It's funny you mention that. Because I basically have your EXACT cooling method in my garage that I built after watching your video. It's an honor to be able to thank you directly for that brilliance.jeffgerards wrote:If you haven't seen it, I would definitely recommend checking out out the youtube video I posted. That style of vacuum cooling unit has made the biggest difference in flavor/aroma extraction of any variable change that I've made in tweaking my process.
On the other hand, I've made some more changes after even MORE testing and I think I've found my new favorite way to use my Behmor. It's surprisingly much simpler, too.
1. Preheat on the 1 lb setting using manual P5, and load 155g of beans in the drum meantime.
2. At the 6 minute mark (12 left on the timer) is usually when my roaster approaches the overheat temp, so I open the door and insert the drum at this time. It's a little tricky with the motor still spinning, but not unmanageable.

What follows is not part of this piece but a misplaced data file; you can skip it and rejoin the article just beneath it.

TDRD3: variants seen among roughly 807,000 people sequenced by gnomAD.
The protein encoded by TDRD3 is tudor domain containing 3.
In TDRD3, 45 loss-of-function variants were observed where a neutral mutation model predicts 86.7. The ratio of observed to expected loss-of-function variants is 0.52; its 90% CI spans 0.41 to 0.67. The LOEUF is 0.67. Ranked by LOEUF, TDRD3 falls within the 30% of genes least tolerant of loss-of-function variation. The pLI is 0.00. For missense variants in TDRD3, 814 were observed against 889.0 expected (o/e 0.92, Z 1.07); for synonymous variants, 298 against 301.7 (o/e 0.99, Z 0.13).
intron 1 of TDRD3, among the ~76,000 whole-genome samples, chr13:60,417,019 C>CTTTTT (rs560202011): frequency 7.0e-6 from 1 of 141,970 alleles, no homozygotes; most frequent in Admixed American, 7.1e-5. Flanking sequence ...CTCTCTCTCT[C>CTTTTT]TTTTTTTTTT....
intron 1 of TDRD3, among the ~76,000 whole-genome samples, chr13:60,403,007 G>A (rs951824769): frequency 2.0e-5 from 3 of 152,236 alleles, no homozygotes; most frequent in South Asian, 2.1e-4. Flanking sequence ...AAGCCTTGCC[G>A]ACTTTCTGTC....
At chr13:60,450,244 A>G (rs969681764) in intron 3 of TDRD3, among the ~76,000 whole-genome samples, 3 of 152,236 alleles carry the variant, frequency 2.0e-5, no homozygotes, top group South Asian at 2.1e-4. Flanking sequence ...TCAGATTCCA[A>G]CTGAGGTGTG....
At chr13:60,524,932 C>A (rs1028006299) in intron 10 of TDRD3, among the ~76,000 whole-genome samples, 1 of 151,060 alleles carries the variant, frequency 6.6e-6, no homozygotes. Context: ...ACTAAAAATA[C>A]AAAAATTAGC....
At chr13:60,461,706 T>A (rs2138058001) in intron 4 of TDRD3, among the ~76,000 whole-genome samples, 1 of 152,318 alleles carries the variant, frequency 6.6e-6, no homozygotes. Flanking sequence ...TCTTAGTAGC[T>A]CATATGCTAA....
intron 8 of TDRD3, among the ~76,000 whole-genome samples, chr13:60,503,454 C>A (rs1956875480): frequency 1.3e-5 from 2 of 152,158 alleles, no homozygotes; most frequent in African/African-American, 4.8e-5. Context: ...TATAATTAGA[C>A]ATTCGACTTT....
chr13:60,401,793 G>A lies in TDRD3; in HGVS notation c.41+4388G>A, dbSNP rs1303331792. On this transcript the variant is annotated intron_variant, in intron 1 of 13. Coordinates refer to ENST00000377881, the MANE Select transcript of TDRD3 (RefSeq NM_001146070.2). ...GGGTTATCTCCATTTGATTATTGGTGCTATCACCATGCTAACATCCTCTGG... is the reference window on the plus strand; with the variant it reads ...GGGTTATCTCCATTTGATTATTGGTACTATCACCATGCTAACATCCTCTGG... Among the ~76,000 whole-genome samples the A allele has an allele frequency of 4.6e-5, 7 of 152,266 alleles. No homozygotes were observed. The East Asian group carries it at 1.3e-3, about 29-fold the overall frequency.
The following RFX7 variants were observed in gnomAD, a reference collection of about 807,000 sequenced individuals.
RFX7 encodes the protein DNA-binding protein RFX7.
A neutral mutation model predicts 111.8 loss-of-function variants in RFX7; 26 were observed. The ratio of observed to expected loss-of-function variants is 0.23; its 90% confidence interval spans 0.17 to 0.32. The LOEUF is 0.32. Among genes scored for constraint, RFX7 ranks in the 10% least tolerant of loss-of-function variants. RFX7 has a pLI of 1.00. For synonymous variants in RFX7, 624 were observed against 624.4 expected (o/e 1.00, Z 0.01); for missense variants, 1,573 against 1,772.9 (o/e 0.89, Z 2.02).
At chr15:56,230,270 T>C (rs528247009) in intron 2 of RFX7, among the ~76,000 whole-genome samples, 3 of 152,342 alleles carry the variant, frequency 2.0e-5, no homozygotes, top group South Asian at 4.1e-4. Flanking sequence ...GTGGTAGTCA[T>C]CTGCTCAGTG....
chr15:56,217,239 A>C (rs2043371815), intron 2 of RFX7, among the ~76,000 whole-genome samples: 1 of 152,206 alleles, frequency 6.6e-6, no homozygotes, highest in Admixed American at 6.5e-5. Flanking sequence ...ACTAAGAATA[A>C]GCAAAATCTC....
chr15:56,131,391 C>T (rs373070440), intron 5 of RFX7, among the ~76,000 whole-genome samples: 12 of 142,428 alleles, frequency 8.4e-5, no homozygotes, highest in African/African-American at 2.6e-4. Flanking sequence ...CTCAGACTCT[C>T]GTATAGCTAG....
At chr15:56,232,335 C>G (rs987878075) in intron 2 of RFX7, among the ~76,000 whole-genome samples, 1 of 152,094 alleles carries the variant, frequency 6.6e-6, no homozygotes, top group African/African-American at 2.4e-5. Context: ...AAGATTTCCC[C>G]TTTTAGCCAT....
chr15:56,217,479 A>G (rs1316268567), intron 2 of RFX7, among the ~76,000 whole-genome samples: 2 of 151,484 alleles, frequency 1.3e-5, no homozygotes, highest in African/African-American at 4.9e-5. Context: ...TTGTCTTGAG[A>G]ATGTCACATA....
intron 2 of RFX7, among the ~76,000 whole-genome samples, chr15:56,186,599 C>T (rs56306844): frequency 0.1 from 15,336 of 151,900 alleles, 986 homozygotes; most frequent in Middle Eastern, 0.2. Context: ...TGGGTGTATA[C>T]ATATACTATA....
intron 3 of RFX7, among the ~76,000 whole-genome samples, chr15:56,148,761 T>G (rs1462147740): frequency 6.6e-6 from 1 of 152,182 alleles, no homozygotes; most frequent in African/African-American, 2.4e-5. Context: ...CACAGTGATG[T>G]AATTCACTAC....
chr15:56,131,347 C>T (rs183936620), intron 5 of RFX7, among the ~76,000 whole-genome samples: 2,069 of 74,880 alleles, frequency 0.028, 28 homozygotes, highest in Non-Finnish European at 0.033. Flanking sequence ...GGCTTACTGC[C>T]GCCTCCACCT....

3. With all the heat lost by opening the door and loading in a batch of room temp green coffee, I just leave it on P5. It approaches overheating again just before the fans/afterburner come on, which makes this all work.
4. Give it 4 total minutes on P5 (the beans should be yellowing), then decrease to P4 for 3 minutes (until first crack), then decrease to P3 and hold here until the roast is done. This profile was done for the "average" coffee (washed, moderately high grown, medium size beans).
5. Cool the beans quickly.
I REALLY enjoy doing it this way because it allows me to throw as much heat on the beans as I want without overheating the Behmor. A 1/3 lb batch finishes 90 seconds faster when doing it this way rather than starting the 1 lb timer from the beginning, even with a maximal preheat. I feel like this allows me to truly know I'm applying the MOST heat at the beginning, and only decreasing as the roast progresses, as it should be for an appropriately decreasing ROR. And if I want to roast slower, I can just increase the batch size. I'm not entirely sure about adjusting the length of each phase of heat setting, as I'm unsure what that would do to the roast profile, and I have no means of testing that. But based on the data I DO have, and the results I'm getting from this method, I highly recommend trying it.